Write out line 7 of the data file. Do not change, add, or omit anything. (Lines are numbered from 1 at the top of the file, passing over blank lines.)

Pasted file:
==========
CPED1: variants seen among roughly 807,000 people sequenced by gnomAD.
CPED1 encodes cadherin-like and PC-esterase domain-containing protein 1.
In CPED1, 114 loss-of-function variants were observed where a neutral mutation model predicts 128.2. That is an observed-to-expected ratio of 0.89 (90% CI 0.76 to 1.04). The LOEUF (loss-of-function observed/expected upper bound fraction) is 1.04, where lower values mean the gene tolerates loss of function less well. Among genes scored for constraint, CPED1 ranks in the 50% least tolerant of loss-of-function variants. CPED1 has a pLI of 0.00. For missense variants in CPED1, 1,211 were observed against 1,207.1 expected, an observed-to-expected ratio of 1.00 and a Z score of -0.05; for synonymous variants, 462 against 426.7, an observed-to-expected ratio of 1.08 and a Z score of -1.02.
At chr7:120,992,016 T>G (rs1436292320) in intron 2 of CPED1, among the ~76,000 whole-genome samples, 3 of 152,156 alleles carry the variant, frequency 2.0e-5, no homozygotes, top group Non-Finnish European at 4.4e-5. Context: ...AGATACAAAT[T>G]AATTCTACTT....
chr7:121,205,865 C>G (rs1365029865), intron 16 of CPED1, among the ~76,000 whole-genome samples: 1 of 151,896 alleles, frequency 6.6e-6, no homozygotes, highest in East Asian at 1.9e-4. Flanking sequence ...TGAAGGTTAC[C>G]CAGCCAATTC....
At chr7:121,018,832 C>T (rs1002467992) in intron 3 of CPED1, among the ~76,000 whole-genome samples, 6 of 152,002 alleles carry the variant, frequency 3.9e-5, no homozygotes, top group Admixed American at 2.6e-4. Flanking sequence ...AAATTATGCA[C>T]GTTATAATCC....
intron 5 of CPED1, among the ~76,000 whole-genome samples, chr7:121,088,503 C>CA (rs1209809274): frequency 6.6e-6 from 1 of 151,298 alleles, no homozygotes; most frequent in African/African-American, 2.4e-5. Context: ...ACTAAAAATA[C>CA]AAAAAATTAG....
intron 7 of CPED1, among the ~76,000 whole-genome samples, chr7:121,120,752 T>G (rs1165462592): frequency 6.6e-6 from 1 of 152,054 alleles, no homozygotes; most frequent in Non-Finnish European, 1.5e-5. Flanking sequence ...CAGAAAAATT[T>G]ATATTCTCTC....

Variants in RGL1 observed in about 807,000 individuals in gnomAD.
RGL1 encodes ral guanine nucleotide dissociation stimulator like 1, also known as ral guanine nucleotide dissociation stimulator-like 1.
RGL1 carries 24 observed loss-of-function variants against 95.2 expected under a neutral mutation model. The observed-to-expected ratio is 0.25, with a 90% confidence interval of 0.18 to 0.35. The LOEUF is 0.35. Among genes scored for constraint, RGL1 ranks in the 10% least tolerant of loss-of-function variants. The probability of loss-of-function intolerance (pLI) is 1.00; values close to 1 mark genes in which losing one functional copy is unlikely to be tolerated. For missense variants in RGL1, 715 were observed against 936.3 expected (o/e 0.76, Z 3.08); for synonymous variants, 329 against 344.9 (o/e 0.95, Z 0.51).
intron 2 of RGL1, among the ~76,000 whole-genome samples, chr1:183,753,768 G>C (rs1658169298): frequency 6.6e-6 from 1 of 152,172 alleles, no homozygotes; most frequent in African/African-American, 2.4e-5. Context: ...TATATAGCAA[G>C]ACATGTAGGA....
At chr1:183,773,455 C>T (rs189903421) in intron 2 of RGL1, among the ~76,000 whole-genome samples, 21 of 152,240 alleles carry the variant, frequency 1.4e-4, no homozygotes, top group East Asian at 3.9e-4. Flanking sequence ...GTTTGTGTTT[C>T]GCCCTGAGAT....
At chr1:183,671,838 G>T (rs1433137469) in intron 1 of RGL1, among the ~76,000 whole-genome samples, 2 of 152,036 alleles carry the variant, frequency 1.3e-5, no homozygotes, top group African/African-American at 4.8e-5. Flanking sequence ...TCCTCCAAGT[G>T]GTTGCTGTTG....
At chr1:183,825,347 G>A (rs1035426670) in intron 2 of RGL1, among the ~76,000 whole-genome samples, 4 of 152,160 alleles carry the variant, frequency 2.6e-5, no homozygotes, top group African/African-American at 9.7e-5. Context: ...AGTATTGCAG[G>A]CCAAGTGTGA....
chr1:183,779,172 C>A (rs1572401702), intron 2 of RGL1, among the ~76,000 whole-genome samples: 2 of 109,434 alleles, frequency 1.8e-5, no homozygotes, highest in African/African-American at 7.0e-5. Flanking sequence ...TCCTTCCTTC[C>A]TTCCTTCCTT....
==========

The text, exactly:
intron 5 of CPED1, among the ~76,000 whole-genome samples, chr7:121,088,503 C>CA (rs1209809274): frequency 6.6e-6 from 1 of 151,298 alleles, no homozygotes; most frequent in African/African-American, 2.4e-5. Context: ...ACTAAAAATA[C>CA]AAAAAATTAG....